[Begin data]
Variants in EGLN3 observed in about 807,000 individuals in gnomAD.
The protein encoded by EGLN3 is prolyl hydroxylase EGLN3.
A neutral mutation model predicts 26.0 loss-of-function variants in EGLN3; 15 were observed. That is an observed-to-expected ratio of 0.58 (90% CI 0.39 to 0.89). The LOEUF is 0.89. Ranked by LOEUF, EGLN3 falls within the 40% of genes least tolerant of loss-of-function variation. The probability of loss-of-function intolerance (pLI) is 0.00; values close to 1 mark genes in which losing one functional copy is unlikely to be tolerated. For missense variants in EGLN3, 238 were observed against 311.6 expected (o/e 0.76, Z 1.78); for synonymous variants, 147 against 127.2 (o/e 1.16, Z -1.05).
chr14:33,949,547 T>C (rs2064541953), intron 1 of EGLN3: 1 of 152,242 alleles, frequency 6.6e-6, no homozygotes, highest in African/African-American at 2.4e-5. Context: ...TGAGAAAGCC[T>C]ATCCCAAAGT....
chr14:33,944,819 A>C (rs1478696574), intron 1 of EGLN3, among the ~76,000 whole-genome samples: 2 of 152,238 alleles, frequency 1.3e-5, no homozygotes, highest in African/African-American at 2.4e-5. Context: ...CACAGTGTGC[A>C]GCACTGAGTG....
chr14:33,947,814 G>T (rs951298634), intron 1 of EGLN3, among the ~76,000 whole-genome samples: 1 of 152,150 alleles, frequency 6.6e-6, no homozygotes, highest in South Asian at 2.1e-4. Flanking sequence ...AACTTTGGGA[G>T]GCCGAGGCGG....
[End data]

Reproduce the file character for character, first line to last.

Variants in EGLN3 observed in about 807,000 individuals in gnomAD.
The protein encoded by EGLN3 is prolyl hydroxylase EGLN3.
A neutral mutation model predicts 26.0 loss-of-function variants in EGLN3; 15 were observed. That is an observed-to-expected ratio of 0.58 (90% CI 0.39 to 0.89). The LOEUF is 0.89. Ranked by LOEUF, EGLN3 falls within the 40% of genes least tolerant of loss-of-function variation. The probability of loss-of-function intolerance (pLI) is 0.00; values close to 1 mark genes in which losing one functional copy is unlikely to be tolerated. For missense variants in EGLN3, 238 were observed against 311.6 expected (o/e 0.76, Z 1.78); for synonymous variants, 147 against 127.2 (o/e 1.16, Z -1.05).
chr14:33,949,547 T>C (rs2064541953), intron 1 of EGLN3: 1 of 152,242 alleles, frequency 6.6e-6, no homozygotes, highest in African/African-American at 2.4e-5. Context: ...TGAGAAAGCC[T>C]ATCCCAAAGT....
chr14:33,944,819 A>C (rs1478696574), intron 1 of EGLN3, among the ~76,000 whole-genome samples: 2 of 152,238 alleles, frequency 1.3e-5, no homozygotes, highest in African/African-American at 2.4e-5. Context: ...CACAGTGTGC[A>C]GCACTGAGTG....
chr14:33,947,814 G>T (rs951298634), intron 1 of EGLN3, among the ~76,000 whole-genome samples: 1 of 152,150 alleles, frequency 6.6e-6, no homozygotes, highest in South Asian at 2.1e-4. Flanking sequence ...AACTTTGGGA[G>T]GCCGAGGCGG....